Oscar-winning Youn Yuh-jung invited to Academy membership

July 2, 2021

Two South Korean actresses, including Oscar-winning Youn Yuh-jung, have been invited to the membership of the Academy of Motion Picture Arts and Sciences (AMPAS) that organizes the prestigious Academy Awards.

In the 2021 list of new members in the filmmaking industry released Thursday (U.S. time), AMPAS unveiled the names of 395 artists and experts in the filmmaking industry from 50 countries.

Among 32 selected actors were Korean actresses Youn and Han Yeri, both stars of the immigrant film “Minari.” The film was nominated in six categories, including best picture, at this year’s Academy Awards.

Youn won the best supporting actress prize for her performance in “Minari” to become the first South Korean to win an acting Oscar.

Co-star Steven Yeun, the first Korean American nominee for the best actor Oscar, also had his name listed in the new Academy membership.

Four members of the film’s crew also received the AMPAS invitations. They are Lee Isaac Chung, who wrote and directed the immigrant film, producer Christina Oh, editor Harry Yoon and composer Emile Mosseri.

Korean American Erick Oh, whose previous piece “Opera” was nominated for best animation short at this year’s Academy Awards, was also on the new AMPAS list.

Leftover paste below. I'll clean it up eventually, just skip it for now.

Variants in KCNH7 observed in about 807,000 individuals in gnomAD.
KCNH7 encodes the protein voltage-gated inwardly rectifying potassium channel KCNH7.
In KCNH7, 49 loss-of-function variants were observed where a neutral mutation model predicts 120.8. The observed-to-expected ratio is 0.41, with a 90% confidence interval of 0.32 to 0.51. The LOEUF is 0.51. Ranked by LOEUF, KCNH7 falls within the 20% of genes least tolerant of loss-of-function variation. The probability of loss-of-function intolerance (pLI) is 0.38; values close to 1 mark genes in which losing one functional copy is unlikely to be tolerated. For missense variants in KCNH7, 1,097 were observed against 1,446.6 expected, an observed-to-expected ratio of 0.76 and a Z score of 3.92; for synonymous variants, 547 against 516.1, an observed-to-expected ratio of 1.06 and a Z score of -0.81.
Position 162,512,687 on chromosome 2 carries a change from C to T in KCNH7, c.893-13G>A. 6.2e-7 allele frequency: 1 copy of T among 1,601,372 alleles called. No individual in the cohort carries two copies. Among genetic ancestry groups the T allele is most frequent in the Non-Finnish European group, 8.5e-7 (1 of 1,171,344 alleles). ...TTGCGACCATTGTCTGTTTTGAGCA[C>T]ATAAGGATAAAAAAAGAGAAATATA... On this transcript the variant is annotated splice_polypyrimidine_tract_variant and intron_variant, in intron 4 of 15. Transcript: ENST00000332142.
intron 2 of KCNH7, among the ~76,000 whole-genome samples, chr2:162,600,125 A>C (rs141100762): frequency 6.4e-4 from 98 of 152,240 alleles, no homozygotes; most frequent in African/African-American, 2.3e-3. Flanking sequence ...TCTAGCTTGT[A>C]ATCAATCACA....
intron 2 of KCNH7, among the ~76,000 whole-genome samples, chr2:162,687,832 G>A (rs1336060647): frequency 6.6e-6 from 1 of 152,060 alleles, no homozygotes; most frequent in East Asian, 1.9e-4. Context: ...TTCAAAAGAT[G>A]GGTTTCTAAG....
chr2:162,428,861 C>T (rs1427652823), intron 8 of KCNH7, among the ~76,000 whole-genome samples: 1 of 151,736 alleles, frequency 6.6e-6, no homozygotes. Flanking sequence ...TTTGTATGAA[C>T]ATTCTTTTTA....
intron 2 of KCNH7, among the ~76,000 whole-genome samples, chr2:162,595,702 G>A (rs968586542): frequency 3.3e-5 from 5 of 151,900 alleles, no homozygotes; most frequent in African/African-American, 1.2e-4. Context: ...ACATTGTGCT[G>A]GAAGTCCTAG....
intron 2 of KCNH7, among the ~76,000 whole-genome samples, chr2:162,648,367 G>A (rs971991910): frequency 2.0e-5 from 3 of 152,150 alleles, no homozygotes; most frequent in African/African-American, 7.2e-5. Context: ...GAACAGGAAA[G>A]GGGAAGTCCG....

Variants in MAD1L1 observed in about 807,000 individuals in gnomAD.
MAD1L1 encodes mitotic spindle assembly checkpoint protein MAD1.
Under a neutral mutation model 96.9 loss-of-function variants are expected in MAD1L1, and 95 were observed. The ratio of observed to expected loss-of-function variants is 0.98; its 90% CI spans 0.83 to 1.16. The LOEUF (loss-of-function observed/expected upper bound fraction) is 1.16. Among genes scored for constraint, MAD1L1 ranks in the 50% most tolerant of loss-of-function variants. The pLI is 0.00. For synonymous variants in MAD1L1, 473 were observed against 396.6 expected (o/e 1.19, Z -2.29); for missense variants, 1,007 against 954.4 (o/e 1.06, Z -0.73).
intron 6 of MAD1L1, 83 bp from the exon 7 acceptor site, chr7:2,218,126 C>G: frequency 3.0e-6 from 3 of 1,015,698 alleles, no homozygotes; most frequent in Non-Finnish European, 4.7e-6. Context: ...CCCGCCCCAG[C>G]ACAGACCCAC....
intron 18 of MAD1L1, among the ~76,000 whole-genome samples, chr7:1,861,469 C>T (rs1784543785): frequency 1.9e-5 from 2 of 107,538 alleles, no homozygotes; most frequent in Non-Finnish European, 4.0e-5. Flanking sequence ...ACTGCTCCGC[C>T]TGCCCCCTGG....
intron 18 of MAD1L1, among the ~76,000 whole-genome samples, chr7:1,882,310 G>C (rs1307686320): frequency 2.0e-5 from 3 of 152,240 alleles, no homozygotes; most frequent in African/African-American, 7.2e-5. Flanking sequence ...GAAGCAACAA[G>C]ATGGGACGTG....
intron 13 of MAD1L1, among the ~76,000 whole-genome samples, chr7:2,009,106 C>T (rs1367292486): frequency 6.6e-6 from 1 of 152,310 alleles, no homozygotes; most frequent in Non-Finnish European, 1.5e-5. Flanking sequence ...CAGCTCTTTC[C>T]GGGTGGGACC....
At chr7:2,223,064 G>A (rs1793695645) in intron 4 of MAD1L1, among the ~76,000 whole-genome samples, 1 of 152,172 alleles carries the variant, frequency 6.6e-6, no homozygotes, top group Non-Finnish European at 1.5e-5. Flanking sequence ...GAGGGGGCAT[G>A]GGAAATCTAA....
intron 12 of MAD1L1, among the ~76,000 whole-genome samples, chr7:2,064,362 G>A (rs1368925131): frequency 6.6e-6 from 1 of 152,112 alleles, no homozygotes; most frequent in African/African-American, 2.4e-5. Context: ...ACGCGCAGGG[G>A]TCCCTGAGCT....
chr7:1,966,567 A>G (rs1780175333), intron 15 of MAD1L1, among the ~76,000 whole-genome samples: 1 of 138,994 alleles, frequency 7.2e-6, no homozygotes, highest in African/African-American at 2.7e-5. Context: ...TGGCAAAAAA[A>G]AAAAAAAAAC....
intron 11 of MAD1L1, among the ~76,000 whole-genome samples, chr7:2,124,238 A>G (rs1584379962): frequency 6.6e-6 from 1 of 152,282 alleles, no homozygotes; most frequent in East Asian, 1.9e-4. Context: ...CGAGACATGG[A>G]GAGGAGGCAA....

Those who accept the invitations will be eligible to cast a vote in Academy Awards.

Last year, many Korean actors and film professionals from Bong Joon-ho’s family satire “Parasite,” which swept four Oscar trophies, including best picture, were invited to the Academy.

Director Bong and lead star Song Kang-ho joined the ranks of the AMPAS membership in 2015.

Its cast members Choi Woo-shik, Park So-dam and Cho Yeo-jeong, producer Kwak Shin-ae, editor Yang Jin-mo, production designer Lee Ha-jun and composer Jung Jae-il joined AMPAS.

AMPAS has been expanding its membership of nearly 10,000 as part of its efforts to increase cultural and regional diversity for the past few years.

It said out of the 395 invitees for 2021, 46 percent are women and 39 are from underrepresented ethnic/racial communities, while 53 percent are international members.